No Place for the Faint-Hearted: Facing the Reality of Public Library Work
It is common that public library staff are being asked to undertake activities or are being participants in incidents at work that have the potential to distress and upset them. Library staff are often being required to manage or witness violent or aggressive behaviours, serious mental illness-related behaviours, and the outcomes of a lack of services for people experiencing homelessness as part of their work life.
The nature of modern public library work now includes these elements in many of our libraries across our cities and towns. As a profession we are not yet facing this reality of the nature of public library work in our formal and informal training pathways, the care of our existing staff or in the recruitment of our future workforce. Although many libraries are hiring security guards and are providing their staff with opportunities for relevant personal development and access to Employee Assistance Programs, these measures are not yet meeting the needs of library staff.
Based on data from a broader study of homelessness and public libraries, this presentation will discuss unexpected findings relating to library staff safety in the workplace. It will provide a challenge to our industry to do better in facing the reality of what is being asked of our workers and will provide some solutions for how we can start to care for each other more effectively. Please note this presentation comes with a TRIGGER WARNING as anonymised examples of distressing experiences shared with the presenter will be described.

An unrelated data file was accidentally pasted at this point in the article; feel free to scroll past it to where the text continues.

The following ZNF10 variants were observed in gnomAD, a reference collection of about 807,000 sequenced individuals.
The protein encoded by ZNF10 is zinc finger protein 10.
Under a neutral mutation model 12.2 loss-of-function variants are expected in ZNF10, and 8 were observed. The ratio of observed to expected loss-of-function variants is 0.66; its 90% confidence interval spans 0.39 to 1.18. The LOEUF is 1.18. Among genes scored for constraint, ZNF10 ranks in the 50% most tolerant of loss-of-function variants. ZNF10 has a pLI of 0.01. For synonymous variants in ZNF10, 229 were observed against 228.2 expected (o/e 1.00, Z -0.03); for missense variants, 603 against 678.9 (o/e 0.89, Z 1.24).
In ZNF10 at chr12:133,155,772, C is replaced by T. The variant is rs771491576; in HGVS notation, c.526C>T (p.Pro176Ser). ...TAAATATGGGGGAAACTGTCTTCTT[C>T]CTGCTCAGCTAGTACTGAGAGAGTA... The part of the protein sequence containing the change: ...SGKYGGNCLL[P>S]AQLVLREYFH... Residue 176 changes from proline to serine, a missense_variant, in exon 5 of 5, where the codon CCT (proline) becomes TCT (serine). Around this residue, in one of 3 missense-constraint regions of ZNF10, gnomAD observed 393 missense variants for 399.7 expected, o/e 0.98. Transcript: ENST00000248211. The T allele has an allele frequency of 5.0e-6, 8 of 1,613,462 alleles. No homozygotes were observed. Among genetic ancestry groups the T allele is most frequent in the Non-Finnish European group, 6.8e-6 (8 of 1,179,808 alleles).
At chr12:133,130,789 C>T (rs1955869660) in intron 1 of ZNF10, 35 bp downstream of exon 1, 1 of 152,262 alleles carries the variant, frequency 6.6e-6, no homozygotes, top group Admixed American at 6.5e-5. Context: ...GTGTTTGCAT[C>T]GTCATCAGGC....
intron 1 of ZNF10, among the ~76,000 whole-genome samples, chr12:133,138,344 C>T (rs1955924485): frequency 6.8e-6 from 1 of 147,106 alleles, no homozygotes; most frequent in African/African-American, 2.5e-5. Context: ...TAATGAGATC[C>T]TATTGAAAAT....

Dr Jane Garner
Senior Lecturer, Charles Sturt University
Dr Jane Garner is a Senior Lecturer at the School of Information and Communication Studies at Charles Sturt University. She is also an Australian Research Council Fellow undertaking a three-year DECRA research project that focusses on the relationship between public libraries, people experiencing homelessness and the services that support them. Another element of Dr Garner’s research involves investigations into the role of books, libraries and reading in the lives of people detained in correctional facilities. She has recently undertaken research-related activities with the United Nations Office on Drugs and Crime in the Philippines and with UNESCO in Germany regarding libraries in prisons. Dr Garner also undertakes research into the role of social workers in public libraries and is part of the Charles Sturt University Social Work in the Library Project team.